A few years ago, novelist and NN.C internet-friend Laura Lippman started a New Year’s tradition: The one-word resolution. No long lists of overly optimistic goals, sure to be abandoned by January 23, but just one word. A verb, obviously, since a resolution implies change, and you can’t change without taking action.
I can’t remember what all of hers were; one-word resolutions are personal enough that if they aren’t yours, they’re not exactly memorable. I took her up on it, and remember a few of mine. Focus, for one. Finish, for another. Breathe was the year I got more serious about my fitness regimen; most of the breathing was deep or fast and accompanied by a quicker heartbeat. Last year’s – Twerk – was a total failure; I just don’t have the lumbar suppleness anymore. But if you take it metaphorically, I guess I did some twerking. Kinda.
This year’s isn’t entirely gelled yet, and may change, but I’m leaning toward Tune. It’s a transitive verb, so it’s not quite right. Tune what? A radio? Your engine? In my case, I want to tune in and tune out, which may blow up the one-word rule entirely. But here’s how I’d explain it:
I want to tune in to things that seem to pay real dividends, in either personal happiness or professional accomplishment. I want to read fewer words online and more of them between covers, and have a good stack of novels already in hand. I want to take more time, productive time, to work on writing and editing I’ve been putting off too long. Pay attention to good things, or interesting things, in other words.
And I want to tune out the daily outrage machine that has made 2017 so, so trying. Sorry, but I just don’t have it in me to read one more well-crafted takedown of the president, or Congress, or whoever is cranking the dials on any given day. Nor one more tweetstorm. Nor a hot take from a surprising source, or whatever. I’m not going to stop paying attention; no one can afford to do that. But the accumulated static, the constant clanging gong of OMG I CAN’T BELIEVE THIS IS HAPPENING? That has to go, or at least be put in its place. These are important and transformational times we’re living through, and I understand that. But we can’t properly focus on our work if we are standing in this firehose of hot takes, laughing, jeering and, of course, the screaming inside our own heads. Arm’s length on this stuff in 2018.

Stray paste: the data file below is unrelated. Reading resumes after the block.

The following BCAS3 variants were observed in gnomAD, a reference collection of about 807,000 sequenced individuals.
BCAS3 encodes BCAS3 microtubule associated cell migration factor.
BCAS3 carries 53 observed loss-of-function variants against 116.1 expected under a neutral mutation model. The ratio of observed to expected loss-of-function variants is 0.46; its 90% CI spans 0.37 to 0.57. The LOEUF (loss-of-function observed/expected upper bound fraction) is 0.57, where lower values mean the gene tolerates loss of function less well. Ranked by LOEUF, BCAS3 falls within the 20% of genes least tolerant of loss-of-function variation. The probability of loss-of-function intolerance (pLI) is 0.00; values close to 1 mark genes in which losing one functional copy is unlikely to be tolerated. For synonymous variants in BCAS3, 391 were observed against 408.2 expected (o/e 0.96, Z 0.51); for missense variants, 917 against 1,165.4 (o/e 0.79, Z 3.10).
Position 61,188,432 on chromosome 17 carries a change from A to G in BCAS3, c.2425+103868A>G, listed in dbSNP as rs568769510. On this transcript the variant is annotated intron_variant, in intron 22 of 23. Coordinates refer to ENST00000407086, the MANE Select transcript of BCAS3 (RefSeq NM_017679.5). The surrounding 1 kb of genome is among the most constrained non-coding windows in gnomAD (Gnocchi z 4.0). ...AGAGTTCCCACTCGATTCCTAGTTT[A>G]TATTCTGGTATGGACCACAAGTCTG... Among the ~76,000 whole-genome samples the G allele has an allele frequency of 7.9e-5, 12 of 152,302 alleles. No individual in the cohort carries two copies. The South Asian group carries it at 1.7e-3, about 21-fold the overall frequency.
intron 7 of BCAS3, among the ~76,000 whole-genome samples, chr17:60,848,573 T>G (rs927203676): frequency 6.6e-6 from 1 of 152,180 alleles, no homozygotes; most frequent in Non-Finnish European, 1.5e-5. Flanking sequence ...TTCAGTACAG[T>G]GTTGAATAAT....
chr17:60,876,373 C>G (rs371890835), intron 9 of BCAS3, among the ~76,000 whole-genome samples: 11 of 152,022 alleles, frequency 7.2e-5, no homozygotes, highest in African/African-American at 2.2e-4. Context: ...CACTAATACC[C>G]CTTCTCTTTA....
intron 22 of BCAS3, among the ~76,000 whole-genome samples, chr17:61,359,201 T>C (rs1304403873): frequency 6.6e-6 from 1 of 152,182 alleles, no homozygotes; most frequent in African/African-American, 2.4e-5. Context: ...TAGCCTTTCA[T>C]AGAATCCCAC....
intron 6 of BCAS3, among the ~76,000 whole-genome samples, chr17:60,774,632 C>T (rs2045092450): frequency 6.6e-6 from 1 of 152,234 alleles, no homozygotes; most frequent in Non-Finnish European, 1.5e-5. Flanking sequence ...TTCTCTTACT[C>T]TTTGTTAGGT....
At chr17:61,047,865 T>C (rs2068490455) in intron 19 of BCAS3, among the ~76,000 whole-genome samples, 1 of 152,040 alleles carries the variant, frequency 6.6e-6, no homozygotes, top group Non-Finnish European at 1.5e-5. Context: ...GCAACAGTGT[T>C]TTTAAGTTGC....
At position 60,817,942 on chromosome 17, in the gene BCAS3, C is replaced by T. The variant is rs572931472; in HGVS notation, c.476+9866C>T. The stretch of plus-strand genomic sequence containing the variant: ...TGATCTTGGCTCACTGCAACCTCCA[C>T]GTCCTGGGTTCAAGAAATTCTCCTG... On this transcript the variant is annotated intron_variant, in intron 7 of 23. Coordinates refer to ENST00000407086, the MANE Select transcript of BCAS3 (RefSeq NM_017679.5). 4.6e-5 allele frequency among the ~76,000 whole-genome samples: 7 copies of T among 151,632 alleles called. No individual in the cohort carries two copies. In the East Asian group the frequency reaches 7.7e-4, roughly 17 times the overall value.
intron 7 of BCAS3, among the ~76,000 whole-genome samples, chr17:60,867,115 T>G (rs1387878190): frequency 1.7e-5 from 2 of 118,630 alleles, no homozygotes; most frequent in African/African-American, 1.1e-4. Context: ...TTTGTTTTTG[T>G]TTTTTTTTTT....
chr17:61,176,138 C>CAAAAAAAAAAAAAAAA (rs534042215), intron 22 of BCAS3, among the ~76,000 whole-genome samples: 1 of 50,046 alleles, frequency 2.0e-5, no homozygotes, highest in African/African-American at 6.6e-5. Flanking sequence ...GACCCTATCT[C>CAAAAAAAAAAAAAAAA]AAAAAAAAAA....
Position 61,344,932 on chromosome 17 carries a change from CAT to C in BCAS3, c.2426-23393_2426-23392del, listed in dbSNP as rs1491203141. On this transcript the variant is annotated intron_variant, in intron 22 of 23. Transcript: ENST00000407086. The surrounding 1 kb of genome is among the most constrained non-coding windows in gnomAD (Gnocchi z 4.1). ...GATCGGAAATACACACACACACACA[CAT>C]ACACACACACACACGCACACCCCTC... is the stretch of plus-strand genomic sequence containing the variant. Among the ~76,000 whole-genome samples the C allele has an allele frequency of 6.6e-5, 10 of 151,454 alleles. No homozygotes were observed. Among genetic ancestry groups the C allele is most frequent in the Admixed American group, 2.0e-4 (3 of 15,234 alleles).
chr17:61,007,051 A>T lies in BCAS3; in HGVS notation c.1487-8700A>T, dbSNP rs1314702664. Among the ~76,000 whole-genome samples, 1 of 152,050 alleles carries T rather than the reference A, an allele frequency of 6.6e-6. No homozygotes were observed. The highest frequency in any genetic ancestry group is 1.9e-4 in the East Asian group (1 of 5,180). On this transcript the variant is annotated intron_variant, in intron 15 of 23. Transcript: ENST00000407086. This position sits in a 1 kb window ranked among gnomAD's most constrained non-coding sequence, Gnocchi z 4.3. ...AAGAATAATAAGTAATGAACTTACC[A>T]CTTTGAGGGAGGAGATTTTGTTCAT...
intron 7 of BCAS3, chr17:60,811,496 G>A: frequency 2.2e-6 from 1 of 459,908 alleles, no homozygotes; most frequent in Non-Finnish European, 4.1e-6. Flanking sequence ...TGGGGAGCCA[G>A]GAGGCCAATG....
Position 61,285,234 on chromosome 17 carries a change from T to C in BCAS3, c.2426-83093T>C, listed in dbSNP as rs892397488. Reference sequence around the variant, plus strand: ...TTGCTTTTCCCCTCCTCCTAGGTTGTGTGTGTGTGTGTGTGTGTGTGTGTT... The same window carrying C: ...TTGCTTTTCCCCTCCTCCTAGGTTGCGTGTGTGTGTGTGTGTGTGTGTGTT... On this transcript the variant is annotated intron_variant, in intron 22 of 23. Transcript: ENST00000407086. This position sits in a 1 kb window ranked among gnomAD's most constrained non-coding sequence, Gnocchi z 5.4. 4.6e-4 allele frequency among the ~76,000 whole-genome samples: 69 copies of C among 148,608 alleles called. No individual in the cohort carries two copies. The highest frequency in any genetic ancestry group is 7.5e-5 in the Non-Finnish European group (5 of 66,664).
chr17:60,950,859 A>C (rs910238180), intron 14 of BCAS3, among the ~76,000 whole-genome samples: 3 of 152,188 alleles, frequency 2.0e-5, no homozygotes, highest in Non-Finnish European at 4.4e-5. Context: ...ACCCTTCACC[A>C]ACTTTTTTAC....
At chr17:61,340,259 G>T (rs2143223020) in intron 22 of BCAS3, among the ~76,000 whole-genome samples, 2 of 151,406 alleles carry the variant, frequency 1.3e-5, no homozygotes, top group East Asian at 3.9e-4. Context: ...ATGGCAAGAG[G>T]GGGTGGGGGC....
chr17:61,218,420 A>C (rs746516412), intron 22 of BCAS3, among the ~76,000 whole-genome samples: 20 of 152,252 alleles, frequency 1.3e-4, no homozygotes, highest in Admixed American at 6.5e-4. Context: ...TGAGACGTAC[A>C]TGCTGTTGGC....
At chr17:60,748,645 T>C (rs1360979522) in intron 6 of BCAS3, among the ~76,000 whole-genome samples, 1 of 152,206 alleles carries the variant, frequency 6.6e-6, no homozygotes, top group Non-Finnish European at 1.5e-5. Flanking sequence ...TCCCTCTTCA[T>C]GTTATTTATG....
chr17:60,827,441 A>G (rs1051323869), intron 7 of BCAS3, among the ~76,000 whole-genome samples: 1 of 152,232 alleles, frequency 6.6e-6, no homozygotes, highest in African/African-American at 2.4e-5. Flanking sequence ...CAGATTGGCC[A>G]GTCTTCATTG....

I guess both of these boil down to Focus, again. But isn’t that what all of us are trying to do?
And this will wrap 2018 for NN.c. I’ll be back…New Year’s Day, most likely, maybe later. In the meantime, I’ll be cleaning, organizing, throwing stuff away and throwing a fancy dinner party. Or rather, a casual dinner party with fancy food. (Prime rib.) Stop by.
One bit of bloggage:
Many of you may know that Michigan State University is going through some hard times of late. A doctor to the U.S. Olympic women’s gymnastics team, employed by the university, sexually assaulted female patients, including many of those gymnasts, for years, while parties in a position to sound the alarm averted their gaze and made excuses and let things go on and on and on. The same story we’ve seen more than once in recent years. So far the administration appears to be resisting the sort of accountability that translates to people losing their jobs. It’s causing front-page editorials in newspapers and a great deal of anguish for the school’s vast and loyal alumni community.
Well, all involved parties might want to take a look at this story about the Penn State scandal, six years down the road. These wounds don’t heal quickly or cleanly.
So, everybody? Before I go, thanks again for your readership, your participation in our lively comment sections, and just showing up from time to time to read what you find here. It’s all I can ask for, and I’m grateful for it. Especially grateful to J.C., who keeps the machine running. Happy New Year to all of us.